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Masterton crime on the rise


1225 victimisation crimes within a year in district
Police taking a proactive approach

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Every five hours, a Wairarapa person is targeted by crime, police statistics show.

And the region’s crime rate surpasses the national average per capita.

From June 1, 2019 to May 31, 2020, there were 1661 victimisation crimes in Wairarapa, a slight increase on the year prior.

Victimisation crimes include acts intended to cause injury, sexual assault, unlawful entry with intent, burglary, and theft.

The police data shows that crime in Carterton and South Wairarapa plummeted in the past year, but Masterton’s crime rate rose, despite dwindling crime over lockdown in the town.

From June to May, there were 1225 victimisation crimes in Masterton, a rise from 1126 the year before.

Meanwhile, there were only 168 victimisation crimes in Carterton, compared with 202 the year before.

In South Wairarapa, there were 268 victimisation crimes, compared with 325 the year before.

Wairarapa Police Area Commander Scott Miller said for the region’s population size, crime was pretty low.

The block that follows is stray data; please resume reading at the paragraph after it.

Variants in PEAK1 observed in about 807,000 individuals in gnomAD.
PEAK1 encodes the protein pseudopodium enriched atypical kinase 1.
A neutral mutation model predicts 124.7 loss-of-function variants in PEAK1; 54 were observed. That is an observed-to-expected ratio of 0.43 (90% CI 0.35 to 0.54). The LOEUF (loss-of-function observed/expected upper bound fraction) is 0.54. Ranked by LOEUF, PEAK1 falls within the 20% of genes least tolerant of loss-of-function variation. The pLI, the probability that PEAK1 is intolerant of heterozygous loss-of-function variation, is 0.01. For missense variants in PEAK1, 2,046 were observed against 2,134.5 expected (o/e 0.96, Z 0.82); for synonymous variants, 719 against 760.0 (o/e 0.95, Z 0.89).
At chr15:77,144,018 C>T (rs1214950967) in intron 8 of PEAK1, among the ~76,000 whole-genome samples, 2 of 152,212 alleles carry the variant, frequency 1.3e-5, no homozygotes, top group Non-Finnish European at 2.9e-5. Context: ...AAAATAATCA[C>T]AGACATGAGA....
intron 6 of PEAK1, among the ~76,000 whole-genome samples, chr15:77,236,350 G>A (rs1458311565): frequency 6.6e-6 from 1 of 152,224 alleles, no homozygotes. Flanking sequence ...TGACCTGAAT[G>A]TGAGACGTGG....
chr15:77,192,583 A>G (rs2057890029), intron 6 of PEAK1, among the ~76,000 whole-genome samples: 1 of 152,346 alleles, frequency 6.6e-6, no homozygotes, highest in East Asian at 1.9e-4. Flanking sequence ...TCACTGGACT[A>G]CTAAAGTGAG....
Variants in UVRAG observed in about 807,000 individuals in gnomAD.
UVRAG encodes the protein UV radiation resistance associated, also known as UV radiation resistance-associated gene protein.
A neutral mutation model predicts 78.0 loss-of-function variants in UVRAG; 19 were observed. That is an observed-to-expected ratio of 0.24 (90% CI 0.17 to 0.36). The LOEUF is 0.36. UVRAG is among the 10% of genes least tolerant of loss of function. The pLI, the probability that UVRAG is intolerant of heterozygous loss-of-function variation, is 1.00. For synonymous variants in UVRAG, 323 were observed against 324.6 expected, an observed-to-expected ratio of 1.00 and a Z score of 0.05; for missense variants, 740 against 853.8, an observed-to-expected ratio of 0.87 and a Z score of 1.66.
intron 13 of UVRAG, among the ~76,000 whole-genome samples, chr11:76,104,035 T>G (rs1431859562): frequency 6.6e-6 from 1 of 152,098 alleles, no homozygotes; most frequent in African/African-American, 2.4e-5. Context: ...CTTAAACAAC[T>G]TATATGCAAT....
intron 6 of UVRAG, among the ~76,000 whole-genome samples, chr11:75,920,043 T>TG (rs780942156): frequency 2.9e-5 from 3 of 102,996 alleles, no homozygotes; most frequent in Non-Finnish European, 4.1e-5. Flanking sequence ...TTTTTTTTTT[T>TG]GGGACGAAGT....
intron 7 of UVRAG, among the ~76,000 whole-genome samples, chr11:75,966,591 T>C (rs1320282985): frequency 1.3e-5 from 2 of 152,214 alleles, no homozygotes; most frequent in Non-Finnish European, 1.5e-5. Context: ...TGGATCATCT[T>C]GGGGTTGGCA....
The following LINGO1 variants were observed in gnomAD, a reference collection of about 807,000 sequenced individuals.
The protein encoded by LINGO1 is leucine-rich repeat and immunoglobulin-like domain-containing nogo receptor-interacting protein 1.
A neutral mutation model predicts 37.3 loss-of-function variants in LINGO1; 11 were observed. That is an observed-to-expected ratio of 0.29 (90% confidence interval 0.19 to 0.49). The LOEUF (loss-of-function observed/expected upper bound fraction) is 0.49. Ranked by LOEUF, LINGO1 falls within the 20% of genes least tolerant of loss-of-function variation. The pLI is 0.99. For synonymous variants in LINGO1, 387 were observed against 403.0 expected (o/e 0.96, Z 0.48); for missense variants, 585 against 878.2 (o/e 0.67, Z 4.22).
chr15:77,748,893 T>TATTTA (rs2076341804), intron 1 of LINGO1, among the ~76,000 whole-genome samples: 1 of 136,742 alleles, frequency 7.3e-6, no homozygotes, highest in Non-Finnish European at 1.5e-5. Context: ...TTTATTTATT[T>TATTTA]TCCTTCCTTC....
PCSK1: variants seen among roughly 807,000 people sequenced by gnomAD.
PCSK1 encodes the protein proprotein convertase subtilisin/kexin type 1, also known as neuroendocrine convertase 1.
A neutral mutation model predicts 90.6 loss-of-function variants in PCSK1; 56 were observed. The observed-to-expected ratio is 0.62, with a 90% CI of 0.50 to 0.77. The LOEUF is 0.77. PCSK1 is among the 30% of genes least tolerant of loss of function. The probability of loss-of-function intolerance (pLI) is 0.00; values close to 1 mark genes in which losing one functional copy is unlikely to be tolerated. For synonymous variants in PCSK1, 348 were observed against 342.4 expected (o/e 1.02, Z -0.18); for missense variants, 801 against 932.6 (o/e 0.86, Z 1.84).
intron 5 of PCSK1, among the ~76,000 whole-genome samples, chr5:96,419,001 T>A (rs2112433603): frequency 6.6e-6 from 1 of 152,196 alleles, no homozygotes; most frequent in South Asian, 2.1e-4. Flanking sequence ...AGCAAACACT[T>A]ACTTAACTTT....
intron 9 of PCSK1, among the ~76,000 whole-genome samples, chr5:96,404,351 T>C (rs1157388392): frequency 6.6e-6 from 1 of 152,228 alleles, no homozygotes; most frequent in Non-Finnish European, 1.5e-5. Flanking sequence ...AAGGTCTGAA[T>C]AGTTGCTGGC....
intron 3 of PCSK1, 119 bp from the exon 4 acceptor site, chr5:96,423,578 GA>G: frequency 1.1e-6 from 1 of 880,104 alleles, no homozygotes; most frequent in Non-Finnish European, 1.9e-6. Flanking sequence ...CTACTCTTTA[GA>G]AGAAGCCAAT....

“Wairarapa from a police perspective is a pretty safe place to be.”

He said victimisation crimes covered a wide range of offending, about 60 per cent of which was low level crimes such as thefts out of parked cars.

“If you look at burglaries over the whole year, we were having six burglaries a week in Masterton which is very low. You’re not going to get much lower than that.”

Of the three Wairarapa towns, Masterton [population 26,800] has the highest crime rate for its population – last year there were 4571 crimes per 100,000 population, compared with a national rate of 1541.

Carterton’s rate was 1734 crimes per 100,000 population, and South Wairarapa’s was 2414.

“The crime rates are certainly low in Carterton and South Wairarapa,” Miller said.

“Part of that is also the restructure we did around police staffing, increasing community and rural police and putting a tactical team in.”

Luckily for Masterton, things are looking up in the cooler months.

In April, there were just 65 victimisation crimes compared with 100 in April 2019.

In May, there were 69 victimisation crimes, compared with 143 in May last year.

Part of this was increased government and agency support in response to the covid-19 pandemic, Miller said.

“The benefit and minimum wage are up slightly and there’s wage support.

“We thought family harm and commercial burglaries would increase [during the lockdown period] and they did not.

“We were busy with covid-19 complaints [people not adhering to lockdown rules].”

Police had also taken a proactive approach by making regular contact with known family harm offenders in recent months and family harm rates had yet to return to what they were before the lockdown, he said.

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